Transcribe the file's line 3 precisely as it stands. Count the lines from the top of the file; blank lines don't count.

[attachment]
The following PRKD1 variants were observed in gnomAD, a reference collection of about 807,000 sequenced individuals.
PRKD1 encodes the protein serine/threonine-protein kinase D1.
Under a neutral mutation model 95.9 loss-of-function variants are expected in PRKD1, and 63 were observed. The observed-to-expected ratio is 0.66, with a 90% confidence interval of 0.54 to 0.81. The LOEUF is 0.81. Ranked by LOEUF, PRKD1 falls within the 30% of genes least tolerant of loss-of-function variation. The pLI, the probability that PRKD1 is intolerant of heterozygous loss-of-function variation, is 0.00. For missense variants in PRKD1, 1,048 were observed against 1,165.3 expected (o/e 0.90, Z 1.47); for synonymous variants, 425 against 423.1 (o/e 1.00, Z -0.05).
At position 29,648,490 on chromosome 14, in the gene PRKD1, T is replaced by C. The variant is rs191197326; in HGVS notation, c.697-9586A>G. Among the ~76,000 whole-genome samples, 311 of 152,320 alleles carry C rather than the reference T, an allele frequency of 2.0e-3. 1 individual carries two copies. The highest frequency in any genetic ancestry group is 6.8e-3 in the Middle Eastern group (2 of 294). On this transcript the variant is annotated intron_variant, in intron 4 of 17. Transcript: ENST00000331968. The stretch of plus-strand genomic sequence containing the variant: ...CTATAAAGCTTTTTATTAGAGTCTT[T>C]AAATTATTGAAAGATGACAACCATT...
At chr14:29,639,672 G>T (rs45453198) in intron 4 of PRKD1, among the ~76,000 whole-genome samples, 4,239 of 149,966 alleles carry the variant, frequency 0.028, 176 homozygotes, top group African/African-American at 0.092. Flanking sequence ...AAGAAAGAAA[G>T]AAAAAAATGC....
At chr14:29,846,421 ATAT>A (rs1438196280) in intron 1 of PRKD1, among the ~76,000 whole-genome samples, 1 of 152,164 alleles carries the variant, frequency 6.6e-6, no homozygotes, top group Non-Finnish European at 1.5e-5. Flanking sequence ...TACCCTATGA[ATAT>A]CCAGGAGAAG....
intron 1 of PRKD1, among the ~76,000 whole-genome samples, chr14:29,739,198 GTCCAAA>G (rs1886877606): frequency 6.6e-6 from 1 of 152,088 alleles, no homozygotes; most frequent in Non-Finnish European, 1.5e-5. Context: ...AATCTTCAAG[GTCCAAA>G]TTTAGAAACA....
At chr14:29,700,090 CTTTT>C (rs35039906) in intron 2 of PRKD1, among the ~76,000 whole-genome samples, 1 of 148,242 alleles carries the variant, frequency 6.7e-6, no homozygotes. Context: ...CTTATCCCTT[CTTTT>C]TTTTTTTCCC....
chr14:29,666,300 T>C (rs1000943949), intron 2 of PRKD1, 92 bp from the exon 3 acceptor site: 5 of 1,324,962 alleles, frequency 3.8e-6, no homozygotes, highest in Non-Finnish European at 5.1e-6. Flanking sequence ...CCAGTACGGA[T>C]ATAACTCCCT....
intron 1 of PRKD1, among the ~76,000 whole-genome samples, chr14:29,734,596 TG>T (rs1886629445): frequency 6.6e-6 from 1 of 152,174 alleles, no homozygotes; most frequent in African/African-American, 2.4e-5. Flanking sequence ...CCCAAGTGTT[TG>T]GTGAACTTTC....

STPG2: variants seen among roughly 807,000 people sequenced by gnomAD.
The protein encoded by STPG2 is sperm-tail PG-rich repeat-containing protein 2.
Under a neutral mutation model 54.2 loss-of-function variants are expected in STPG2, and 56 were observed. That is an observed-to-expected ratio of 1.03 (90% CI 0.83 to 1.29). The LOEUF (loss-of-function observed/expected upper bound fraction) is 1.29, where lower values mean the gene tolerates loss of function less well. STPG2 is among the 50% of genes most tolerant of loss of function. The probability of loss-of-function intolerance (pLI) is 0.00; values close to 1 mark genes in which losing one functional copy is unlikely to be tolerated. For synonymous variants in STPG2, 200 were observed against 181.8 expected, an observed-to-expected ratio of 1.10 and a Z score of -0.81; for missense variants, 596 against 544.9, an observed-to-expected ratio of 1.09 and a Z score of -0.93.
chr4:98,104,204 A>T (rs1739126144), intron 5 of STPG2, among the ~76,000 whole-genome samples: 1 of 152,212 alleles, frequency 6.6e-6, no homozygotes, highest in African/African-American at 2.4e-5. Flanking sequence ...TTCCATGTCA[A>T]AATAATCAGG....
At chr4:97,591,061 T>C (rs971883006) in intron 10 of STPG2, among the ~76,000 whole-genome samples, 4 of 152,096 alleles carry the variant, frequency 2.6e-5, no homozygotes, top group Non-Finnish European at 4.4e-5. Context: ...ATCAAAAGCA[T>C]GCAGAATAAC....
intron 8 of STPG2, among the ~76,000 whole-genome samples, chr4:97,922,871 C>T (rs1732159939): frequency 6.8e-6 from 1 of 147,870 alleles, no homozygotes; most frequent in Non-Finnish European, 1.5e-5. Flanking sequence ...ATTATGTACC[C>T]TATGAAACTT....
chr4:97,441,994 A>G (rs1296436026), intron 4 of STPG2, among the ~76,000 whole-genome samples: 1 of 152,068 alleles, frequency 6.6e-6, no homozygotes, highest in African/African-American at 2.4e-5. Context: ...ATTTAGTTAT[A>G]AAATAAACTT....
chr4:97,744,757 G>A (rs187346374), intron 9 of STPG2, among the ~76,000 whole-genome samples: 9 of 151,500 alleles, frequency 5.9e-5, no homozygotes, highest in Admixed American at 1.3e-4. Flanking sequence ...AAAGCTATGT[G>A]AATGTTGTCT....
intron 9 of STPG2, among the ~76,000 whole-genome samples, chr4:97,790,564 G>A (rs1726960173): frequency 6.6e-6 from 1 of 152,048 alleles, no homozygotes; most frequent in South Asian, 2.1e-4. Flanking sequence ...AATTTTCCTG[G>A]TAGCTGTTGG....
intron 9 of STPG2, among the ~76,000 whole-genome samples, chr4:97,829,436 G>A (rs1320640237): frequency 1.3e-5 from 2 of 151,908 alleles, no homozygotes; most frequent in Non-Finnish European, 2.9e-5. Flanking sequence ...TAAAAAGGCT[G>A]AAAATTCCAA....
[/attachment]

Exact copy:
Under a neutral mutation model 95.9 loss-of-function variants are expected in PRKD1, and 63 were observed. The observed-to-expected ratio is 0.66, with a 90% confidence interval of 0.54 to 0.81. The LOEUF is 0.81. Ranked by LOEUF, PRKD1 falls within the 30% of genes least tolerant of loss-of-function variation. The pLI, the probability that PRKD1 is intolerant of heterozygous loss-of-function variation, is 0.00. For missense variants in PRKD1, 1,048 were observed against 1,165.3 expected (o/e 0.90, Z 1.47); for synonymous variants, 425 against 423.1 (o/e 1.00, Z -0.05).